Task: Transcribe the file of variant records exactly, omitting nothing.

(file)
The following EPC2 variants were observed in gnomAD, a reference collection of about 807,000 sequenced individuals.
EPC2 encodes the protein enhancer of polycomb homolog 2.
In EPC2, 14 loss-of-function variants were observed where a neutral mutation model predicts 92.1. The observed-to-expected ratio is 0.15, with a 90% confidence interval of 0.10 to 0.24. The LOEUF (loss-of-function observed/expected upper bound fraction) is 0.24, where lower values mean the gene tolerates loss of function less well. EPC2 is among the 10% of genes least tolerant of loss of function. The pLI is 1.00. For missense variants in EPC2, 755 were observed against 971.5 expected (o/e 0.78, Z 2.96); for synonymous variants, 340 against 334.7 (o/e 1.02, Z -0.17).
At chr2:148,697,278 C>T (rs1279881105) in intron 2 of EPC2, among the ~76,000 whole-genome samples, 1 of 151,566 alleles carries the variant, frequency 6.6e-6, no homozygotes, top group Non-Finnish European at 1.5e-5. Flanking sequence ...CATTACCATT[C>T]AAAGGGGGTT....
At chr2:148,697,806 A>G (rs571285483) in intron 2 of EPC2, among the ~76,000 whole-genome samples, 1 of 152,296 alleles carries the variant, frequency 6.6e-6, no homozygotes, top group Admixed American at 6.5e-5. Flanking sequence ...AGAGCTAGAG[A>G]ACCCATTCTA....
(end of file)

The following EPC2 variants were observed in gnomAD, a reference collection of about 807,000 sequenced individuals.
EPC2 encodes the protein enhancer of polycomb homolog 2.
In EPC2, 14 loss-of-function variants were observed where a neutral mutation model predicts 92.1. The observed-to-expected ratio is 0.15, with a 90% confidence interval of 0.10 to 0.24. The LOEUF (loss-of-function observed/expected upper bound fraction) is 0.24, where lower values mean the gene tolerates loss of function less well. EPC2 is among the 10% of genes least tolerant of loss of function. The pLI is 1.00. For missense variants in EPC2, 755 were observed against 971.5 expected (o/e 0.78, Z 2.96); for synonymous variants, 340 against 334.7 (o/e 1.02, Z -0.17).
At chr2:148,697,278 C>T (rs1279881105) in intron 2 of EPC2, among the ~76,000 whole-genome samples, 1 of 151,566 alleles carries the variant, frequency 6.6e-6, no homozygotes, top group Non-Finnish European at 1.5e-5. Flanking sequence ...CATTACCATT[C>T]AAAGGGGGTT....
At chr2:148,697,806 A>G (rs571285483) in intron 2 of EPC2, among the ~76,000 whole-genome samples, 1 of 152,296 alleles carries the variant, frequency 6.6e-6, no homozygotes, top group Admixed American at 6.5e-5. Flanking sequence ...AGAGCTAGAG[A>G]ACCCATTCTA....